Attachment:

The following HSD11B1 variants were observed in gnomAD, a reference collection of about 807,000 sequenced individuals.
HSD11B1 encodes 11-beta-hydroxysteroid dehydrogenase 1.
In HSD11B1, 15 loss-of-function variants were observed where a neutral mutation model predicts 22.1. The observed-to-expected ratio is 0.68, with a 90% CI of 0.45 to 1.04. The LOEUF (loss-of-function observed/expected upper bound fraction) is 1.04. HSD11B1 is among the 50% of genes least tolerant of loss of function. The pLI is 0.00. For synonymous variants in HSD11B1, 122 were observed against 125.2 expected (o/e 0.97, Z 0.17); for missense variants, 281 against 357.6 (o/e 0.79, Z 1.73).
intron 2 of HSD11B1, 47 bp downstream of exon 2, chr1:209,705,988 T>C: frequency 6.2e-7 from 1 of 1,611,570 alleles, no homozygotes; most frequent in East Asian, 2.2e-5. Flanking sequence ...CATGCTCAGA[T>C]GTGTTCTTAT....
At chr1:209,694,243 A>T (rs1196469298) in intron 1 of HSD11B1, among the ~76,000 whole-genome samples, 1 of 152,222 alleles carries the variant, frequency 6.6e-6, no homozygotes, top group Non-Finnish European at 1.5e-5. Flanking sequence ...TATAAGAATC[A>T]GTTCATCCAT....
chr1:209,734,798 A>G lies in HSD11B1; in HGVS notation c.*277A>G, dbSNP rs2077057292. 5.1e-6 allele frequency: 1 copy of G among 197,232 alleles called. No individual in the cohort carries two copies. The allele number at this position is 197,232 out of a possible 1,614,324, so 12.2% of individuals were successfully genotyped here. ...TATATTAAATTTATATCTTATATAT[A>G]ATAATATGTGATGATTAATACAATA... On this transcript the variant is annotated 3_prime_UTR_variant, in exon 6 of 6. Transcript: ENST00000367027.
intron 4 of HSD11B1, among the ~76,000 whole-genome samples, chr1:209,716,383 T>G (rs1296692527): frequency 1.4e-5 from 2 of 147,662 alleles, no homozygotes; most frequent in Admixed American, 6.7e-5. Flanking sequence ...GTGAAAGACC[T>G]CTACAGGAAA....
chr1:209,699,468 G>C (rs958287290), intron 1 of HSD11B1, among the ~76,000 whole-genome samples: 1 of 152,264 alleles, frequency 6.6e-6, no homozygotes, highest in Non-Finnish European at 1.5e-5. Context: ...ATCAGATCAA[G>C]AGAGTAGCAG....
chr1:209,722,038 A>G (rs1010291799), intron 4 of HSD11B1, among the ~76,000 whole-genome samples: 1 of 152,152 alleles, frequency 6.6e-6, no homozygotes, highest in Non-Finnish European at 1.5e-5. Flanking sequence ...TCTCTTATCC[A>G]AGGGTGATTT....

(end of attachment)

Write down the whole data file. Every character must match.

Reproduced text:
The following HSD11B1 variants were observed in gnomAD, a reference collection of about 807,000 sequenced individuals.
HSD11B1 encodes 11-beta-hydroxysteroid dehydrogenase 1.
In HSD11B1, 15 loss-of-function variants were observed where a neutral mutation model predicts 22.1. The observed-to-expected ratio is 0.68, with a 90% CI of 0.45 to 1.04. The LOEUF (loss-of-function observed/expected upper bound fraction) is 1.04. HSD11B1 is among the 50% of genes least tolerant of loss of function. The pLI is 0.00. For synonymous variants in HSD11B1, 122 were observed against 125.2 expected (o/e 0.97, Z 0.17); for missense variants, 281 against 357.6 (o/e 0.79, Z 1.73).
intron 2 of HSD11B1, 47 bp downstream of exon 2, chr1:209,705,988 T>C: frequency 6.2e-7 from 1 of 1,611,570 alleles, no homozygotes; most frequent in East Asian, 2.2e-5. Flanking sequence ...CATGCTCAGA[T>C]GTGTTCTTAT....
At chr1:209,694,243 A>T (rs1196469298) in intron 1 of HSD11B1, among the ~76,000 whole-genome samples, 1 of 152,222 alleles carries the variant, frequency 6.6e-6, no homozygotes, top group Non-Finnish European at 1.5e-5. Flanking sequence ...TATAAGAATC[A>T]GTTCATCCAT....
chr1:209,734,798 A>G lies in HSD11B1; in HGVS notation c.*277A>G, dbSNP rs2077057292. 5.1e-6 allele frequency: 1 copy of G among 197,232 alleles called. No individual in the cohort carries two copies. The allele number at this position is 197,232 out of a possible 1,614,324, so 12.2% of individuals were successfully genotyped here. ...TATATTAAATTTATATCTTATATAT[A>G]ATAATATGTGATGATTAATACAATA... On this transcript the variant is annotated 3_prime_UTR_variant, in exon 6 of 6. Transcript: ENST00000367027.
intron 4 of HSD11B1, among the ~76,000 whole-genome samples, chr1:209,716,383 T>G (rs1296692527): frequency 1.4e-5 from 2 of 147,662 alleles, no homozygotes; most frequent in Admixed American, 6.7e-5. Flanking sequence ...GTGAAAGACC[T>G]CTACAGGAAA....
chr1:209,699,468 G>C (rs958287290), intron 1 of HSD11B1, among the ~76,000 whole-genome samples: 1 of 152,264 alleles, frequency 6.6e-6, no homozygotes, highest in Non-Finnish European at 1.5e-5. Context: ...ATCAGATCAA[G>C]AGAGTAGCAG....
chr1:209,722,038 A>G (rs1010291799), intron 4 of HSD11B1, among the ~76,000 whole-genome samples: 1 of 152,152 alleles, frequency 6.6e-6, no homozygotes, highest in Non-Finnish European at 1.5e-5. Flanking sequence ...TCTCTTATCC[A>G]AGGGTGATTT....